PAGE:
Related entry: Sanguinaria (U. S. P.)—Sanguinaria
SYNONYM: Fluid extract of bloodroot.
Preparation.—"Sanguinaria, in No. 60 powder, one thousand grammes (1000 Gm.) [2 lb. av., 3 ozs., 120 grs.]; acetic acid, fifty cubic centimeters (50 Cc.) [1 fl℥, 332♏]; alcohol, water, each, a sufficient quantity to make one thousand cubic centimeters (1000 Cc.) [33 fl℥, 391♏]. Mix the alcohol and water in the proportion of seven hundred and fifty cubic centimeters (750 Cc.) [25 fl℥, 173♏] of alcohol, and two hundred and fifty cubic centimeters (250 Cc.) [8 fl℥, 218♏] of water. Moisten the powder with three hundred cubic centimeters (300 Cc.) [10 fl℥, 69♏] of the mixture, to which the acetic acid had previously been added, and let it macerate, in a well-covered vessel, in a warm place, during 48 hours. Then pack it firmly in a cylindrical percolator, and gradually pour menstruum upon it, until the sanguinaria is exhausted. Reserve the first eight hundred and fifty cubic centimeters (850 Cc.) [28 fl℥, 356♏] of the percolate, and evaporate the remainder to a soft extract; dissolve this in the reserved portion, and add enough alcohol to make the fluid extract measure one thousand cubic centimeters (1000 Cc.) [33 fl℥, 391♏]"—(U. S. P.).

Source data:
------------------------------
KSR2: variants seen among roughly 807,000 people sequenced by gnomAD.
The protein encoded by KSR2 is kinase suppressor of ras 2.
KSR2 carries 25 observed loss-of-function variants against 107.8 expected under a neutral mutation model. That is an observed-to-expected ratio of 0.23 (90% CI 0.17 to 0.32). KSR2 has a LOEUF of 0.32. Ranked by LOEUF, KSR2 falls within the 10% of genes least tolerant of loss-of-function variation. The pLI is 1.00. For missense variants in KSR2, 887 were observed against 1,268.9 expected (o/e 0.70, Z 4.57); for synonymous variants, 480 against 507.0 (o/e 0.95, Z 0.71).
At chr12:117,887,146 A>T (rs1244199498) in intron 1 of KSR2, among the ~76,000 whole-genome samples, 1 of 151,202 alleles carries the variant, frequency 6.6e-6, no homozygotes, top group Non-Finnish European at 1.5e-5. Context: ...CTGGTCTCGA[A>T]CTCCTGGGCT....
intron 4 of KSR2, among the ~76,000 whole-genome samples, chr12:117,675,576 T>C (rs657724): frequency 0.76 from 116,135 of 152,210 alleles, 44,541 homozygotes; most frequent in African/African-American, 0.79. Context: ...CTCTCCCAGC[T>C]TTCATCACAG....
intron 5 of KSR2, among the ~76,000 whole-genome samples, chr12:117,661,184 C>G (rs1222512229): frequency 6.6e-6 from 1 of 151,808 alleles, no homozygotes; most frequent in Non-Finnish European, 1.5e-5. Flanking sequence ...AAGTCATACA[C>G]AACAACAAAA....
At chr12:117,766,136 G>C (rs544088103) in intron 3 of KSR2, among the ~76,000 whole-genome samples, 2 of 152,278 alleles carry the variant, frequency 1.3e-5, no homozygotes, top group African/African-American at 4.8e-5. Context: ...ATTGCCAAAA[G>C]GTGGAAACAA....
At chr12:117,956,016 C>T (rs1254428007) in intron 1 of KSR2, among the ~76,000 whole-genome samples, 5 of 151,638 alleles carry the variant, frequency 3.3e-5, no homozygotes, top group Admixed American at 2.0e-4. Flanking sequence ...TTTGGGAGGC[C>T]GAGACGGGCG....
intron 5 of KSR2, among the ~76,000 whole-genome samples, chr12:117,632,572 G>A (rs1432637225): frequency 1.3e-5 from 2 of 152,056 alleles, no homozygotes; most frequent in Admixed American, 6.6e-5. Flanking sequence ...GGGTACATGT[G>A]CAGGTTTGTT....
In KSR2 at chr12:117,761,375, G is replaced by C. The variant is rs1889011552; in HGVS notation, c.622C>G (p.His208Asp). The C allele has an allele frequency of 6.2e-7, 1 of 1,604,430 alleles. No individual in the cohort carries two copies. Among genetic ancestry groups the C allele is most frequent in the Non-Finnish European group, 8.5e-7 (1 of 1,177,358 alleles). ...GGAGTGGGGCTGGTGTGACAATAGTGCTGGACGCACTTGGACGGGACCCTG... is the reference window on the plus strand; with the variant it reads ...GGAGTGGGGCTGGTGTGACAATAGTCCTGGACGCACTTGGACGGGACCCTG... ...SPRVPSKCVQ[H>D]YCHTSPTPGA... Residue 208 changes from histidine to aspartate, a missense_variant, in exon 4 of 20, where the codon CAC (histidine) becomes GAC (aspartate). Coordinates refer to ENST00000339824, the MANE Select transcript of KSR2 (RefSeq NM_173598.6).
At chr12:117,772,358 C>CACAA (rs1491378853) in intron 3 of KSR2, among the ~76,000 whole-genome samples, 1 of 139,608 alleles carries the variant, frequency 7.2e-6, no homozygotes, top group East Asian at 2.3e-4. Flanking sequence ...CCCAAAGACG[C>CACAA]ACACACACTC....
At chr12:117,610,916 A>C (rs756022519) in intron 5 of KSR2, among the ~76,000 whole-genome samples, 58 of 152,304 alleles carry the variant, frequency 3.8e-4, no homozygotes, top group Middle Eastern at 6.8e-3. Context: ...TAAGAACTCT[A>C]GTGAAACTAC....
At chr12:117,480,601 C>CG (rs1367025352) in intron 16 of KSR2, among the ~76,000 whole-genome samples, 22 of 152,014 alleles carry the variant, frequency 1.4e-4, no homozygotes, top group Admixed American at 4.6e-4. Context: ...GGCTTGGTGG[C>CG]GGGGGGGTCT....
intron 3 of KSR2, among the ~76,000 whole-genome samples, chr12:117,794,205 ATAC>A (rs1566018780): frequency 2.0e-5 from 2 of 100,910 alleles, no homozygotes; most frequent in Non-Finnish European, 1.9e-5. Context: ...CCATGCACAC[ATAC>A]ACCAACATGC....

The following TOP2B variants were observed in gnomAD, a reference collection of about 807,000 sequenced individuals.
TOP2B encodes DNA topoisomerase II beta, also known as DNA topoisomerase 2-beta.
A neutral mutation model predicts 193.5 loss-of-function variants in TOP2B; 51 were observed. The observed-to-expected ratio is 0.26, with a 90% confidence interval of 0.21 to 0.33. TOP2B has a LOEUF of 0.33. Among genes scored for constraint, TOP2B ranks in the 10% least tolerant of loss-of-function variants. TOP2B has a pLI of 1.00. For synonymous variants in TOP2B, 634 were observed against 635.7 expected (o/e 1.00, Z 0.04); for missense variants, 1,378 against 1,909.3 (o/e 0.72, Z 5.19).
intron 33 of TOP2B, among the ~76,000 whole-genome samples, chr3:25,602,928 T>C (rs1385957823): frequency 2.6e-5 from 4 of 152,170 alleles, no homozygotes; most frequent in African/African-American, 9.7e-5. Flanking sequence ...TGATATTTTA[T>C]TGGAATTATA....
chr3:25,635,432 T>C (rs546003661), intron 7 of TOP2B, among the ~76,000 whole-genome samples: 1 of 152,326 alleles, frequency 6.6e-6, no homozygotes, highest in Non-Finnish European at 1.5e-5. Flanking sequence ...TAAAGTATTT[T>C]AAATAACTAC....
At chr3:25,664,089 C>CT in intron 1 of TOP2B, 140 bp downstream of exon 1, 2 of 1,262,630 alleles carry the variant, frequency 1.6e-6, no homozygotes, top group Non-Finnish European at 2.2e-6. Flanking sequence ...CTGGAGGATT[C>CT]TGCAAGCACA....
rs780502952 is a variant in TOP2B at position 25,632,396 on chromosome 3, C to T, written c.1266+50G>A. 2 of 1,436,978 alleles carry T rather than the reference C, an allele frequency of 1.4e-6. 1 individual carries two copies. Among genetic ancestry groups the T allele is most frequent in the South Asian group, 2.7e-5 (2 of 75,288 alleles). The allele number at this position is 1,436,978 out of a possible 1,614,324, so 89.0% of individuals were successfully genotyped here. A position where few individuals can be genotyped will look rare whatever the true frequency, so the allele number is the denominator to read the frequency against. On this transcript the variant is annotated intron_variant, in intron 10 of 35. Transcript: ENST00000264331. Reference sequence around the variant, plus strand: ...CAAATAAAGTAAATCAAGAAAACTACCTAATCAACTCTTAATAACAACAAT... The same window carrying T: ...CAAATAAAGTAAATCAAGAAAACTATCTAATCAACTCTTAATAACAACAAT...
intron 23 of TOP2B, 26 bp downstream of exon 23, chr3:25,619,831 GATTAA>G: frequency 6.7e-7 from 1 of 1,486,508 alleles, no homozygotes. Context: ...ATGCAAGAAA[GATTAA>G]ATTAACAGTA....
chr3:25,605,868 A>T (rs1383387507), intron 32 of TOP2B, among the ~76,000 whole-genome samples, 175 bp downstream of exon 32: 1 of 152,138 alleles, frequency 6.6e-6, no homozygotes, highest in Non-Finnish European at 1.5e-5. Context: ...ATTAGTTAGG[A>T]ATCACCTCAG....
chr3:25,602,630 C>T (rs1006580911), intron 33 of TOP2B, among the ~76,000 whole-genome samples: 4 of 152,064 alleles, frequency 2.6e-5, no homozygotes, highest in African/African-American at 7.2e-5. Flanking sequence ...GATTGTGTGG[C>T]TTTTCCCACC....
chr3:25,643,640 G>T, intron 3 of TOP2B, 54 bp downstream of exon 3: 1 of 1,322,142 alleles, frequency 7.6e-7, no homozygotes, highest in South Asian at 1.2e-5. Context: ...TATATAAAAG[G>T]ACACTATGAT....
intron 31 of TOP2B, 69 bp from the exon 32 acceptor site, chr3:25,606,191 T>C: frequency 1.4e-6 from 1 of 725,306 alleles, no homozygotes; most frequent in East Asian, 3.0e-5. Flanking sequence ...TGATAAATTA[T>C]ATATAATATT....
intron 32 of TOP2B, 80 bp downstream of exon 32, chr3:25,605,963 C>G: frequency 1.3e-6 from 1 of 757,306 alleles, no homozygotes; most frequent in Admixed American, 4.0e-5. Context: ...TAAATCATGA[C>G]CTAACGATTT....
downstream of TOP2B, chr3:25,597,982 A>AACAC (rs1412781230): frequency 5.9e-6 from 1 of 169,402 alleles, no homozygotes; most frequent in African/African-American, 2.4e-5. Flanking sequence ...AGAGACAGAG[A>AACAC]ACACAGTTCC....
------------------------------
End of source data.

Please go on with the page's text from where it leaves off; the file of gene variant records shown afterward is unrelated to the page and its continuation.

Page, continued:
Description, Medical Uses, and Dosage.—(See Sanguinaria). This is a deep-red fluid with the tendency, as with all fluid preparations of bloodroot, to precipitation. The formula is improved, in this regard, by using official alcohol instead of alcohol diluted with water, and that, too, without injuring the drug energy of the product. It well represents the crude drug. Dose, from 1 to 5 minims.
King's American Dispensatory, 1898, was written by Harvey Wickes Felter, M.D., and John Uri Lloyd, Phr. M., Ph. D.